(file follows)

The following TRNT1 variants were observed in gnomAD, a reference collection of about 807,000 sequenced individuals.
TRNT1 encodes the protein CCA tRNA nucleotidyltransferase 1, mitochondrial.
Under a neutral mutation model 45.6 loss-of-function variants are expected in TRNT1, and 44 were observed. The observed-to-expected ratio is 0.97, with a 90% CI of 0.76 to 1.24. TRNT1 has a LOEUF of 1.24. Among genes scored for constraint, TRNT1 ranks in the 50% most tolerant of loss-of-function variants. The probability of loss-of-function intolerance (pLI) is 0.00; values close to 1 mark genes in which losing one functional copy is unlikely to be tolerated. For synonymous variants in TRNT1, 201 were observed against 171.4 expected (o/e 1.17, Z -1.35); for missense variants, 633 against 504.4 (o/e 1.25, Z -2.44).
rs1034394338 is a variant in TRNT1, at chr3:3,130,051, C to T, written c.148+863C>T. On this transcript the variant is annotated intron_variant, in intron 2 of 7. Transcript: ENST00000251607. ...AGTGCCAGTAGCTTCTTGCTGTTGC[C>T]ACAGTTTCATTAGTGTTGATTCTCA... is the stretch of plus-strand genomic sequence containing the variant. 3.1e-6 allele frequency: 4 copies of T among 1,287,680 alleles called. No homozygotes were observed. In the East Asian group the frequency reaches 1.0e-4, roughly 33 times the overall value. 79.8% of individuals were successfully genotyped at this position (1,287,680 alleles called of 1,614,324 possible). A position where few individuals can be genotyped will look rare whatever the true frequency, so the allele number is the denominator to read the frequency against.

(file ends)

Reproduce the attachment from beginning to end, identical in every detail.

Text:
The following TRNT1 variants were observed in gnomAD, a reference collection of about 807,000 sequenced individuals.
TRNT1 encodes the protein CCA tRNA nucleotidyltransferase 1, mitochondrial.
Under a neutral mutation model 45.6 loss-of-function variants are expected in TRNT1, and 44 were observed. The observed-to-expected ratio is 0.97, with a 90% CI of 0.76 to 1.24. TRNT1 has a LOEUF of 1.24. Among genes scored for constraint, TRNT1 ranks in the 50% most tolerant of loss-of-function variants. The probability of loss-of-function intolerance (pLI) is 0.00; values close to 1 mark genes in which losing one functional copy is unlikely to be tolerated. For synonymous variants in TRNT1, 201 were observed against 171.4 expected (o/e 1.17, Z -1.35); for missense variants, 633 against 504.4 (o/e 1.25, Z -2.44).
rs1034394338 is a variant in TRNT1, at chr3:3,130,051, C to T, written c.148+863C>T. On this transcript the variant is annotated intron_variant, in intron 2 of 7. Transcript: ENST00000251607. ...AGTGCCAGTAGCTTCTTGCTGTTGC[C>T]ACAGTTTCATTAGTGTTGATTCTCA... is the stretch of plus-strand genomic sequence containing the variant. 3.1e-6 allele frequency: 4 copies of T among 1,287,680 alleles called. No homozygotes were observed. In the East Asian group the frequency reaches 1.0e-4, roughly 33 times the overall value. 79.8% of individuals were successfully genotyped at this position (1,287,680 alleles called of 1,614,324 possible). A position where few individuals can be genotyped will look rare whatever the true frequency, so the allele number is the denominator to read the frequency against.